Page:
Cycling Tasmania – Day 23
Waratah to Corinna

68km, 1,290m elevation

It was a difficult decision but I couldn’t resist heading deeper into Tasmania’s remote West Coast, even if that means I’ll run out of time to cycle a complete loop around the island. The Tarkine Wilderness is one of the world’s last intact expanses of temperate rainforest, something truly rare and beautiful. How could I turn down the opportunity to experience such a special place?

This is part of a month-long cycle tour around Tasmania. If you missed the start of this journey, here’s how it all got started.

I took my time leaving Waratah this morning, waiting for the sun to hit the historic Bischoff Hotel, where we spent the night. Waratah once had many hotels and pubs, filled with miners at the end of a hard day’s work. Now, the population is one tenth what it once was but the Bischoff gives you a feel of life in those rough and rugged days.

Bischoff Hotel in Waratah
Bischoff Hotel in Waratah

I hadn’t pedaled more than one minute when I stopped to visit an old stamper mill. This little contraption was used well after the mine closed to crush rock brought in by independent prospectors.

The old stamper mill
The old stamper mill

The road leaving Waratah is quiet and fairly flat, passing through open land then heading into the forest. After a short distance I stopped at Philosopher Falls, named after James ‘Philosopher’ Smith, the father of Tasmania’s mining industry. James was abandoned as a child by his convict parents but fell in love with Tasmania’s West Coast and became the first person to discover deposits that turned into the world’s largest tin mine. Tasmania was suffering a serious depression at the time and just couldn’t shake off its convict past. There was talk of being annexed by Victoria, its nearest neighbour. Smith’s discovery breathed new life into the island and its people and changed the course of history forever. Philosopher Falls is the place where Smith made that discovery and it’s a lovely walk through ancient temperate rainforest.

Philosopher Falls
Philosopher Falls
James 'Philosopher' Smith
James ‘Philosopher’ Smith

 

 

 

 

 

 

 

 

 

After the falls, the road swoops down through endless drops and turns into a valley. Here the forest is so present that trees sometimes grow right over the road and you feel as if you’re riding through a green tunnel. Huge firns and towering gumtrees give the forest a prehistoric feel. Like my friend Rob says, it’s a place where you could imagine seeing dinosaurs roam – true wilderness!

Lots of big undulations follow as the road climbs back up onto another open plateau. The views are amazing.

Only a thin strip of pavement runs through this wilderness
Only a thin strip of pavement runs through this wilderness
Tarkine Wilderness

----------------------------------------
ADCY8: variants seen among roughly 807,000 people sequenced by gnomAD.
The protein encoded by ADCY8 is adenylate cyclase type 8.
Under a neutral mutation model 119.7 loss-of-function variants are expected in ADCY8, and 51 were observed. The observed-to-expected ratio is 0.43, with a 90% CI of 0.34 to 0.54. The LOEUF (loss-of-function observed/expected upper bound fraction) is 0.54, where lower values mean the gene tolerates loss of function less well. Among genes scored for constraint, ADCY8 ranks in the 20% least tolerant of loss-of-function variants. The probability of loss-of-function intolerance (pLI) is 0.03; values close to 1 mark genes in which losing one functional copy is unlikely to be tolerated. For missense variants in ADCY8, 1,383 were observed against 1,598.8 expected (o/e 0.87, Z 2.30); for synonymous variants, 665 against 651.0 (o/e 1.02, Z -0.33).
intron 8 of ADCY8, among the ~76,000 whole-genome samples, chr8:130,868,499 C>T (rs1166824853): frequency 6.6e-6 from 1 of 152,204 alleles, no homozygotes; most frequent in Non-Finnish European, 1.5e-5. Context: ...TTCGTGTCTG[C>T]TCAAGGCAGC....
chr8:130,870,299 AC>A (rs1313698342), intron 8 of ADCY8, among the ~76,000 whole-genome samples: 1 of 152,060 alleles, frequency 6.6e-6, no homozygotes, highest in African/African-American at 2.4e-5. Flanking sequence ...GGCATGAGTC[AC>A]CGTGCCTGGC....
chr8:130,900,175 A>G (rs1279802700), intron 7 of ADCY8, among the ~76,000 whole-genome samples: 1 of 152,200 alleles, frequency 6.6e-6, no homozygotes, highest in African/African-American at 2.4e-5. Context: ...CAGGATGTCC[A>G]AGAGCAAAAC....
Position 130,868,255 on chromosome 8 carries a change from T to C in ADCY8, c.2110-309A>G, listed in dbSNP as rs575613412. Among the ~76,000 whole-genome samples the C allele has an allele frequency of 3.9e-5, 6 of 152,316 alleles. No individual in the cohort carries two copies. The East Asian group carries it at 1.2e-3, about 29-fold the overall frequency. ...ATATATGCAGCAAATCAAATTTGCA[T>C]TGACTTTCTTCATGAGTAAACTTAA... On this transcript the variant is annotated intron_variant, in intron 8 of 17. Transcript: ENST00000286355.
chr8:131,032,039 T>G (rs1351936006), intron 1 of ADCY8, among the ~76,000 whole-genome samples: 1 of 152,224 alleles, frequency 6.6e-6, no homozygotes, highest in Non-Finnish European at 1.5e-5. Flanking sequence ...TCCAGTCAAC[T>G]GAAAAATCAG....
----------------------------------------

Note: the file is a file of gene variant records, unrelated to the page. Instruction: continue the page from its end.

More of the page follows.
Tarkine Wilderness

It was a hot and muggy day. The sun was particularly intense but before long the humidity built up into dark stormy clouds. It looked like I was going to get soaked as heavy rain moved closer and closer.

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Beyond the mining town of Savage River, the sealed road turns to silica (sourced from a local mine). Silica is bright white and even with dark storm clouds approaching, it reflected sunlight back at me like freshly fallen snow.

The silica road
The silica road

Amazingly, the storm never quite seemed to catch up with me. It blew right by, letting bright sunshine return. Silica makes for a better road surface than gravel but you still need extra care and attention, especially on the downhills. From Savage River, the road undulates for a while then plummets down to the tiny village of Corinna.

The storm passes as I head down to Corinna
The storm passes as I head down to Corinna

There’s a barge that takes vehicles across the river at Corinna and you can continue on from here back to Strahan and Queenstown (where I was a few days ago) but I’m going to stay in Corinna to soak in more of the Tarkine Wilderness.

Map of Day 1-23 cycling in Tasmania. Alternating days are coloured blue and red
Map of Day 1-23 cycling in Tasmania. Alternating days are coloured blue and red

If you’re planning your own cycling trip in Tasmania, you can see today’s track and download the gpx from strava.

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5 thoughts on “Deep into the Tarkine Wilderness

    1. Until a few weeks ago, I’d never heard of them either. I feel like the West Coast has so many hidden gems, so much to discover. I’m really enjoying it.

      1. Fantastic. I guess being on a bike opens up the world at close range, perhaps more so than zipping by in a car where we often miss things. I’d love to do a cycling tour myself one day.

      2. It really does open up the world at close range. I’ve found that when I travel by bike, the little things catch my attention much more. Maybe it’s that you’re going at a pace where you notice them or maybe it’s that you’re really happy to get off the bike after grunting up a big hill! I hope you do get a chance to go cycle touring sometime, Miriam.

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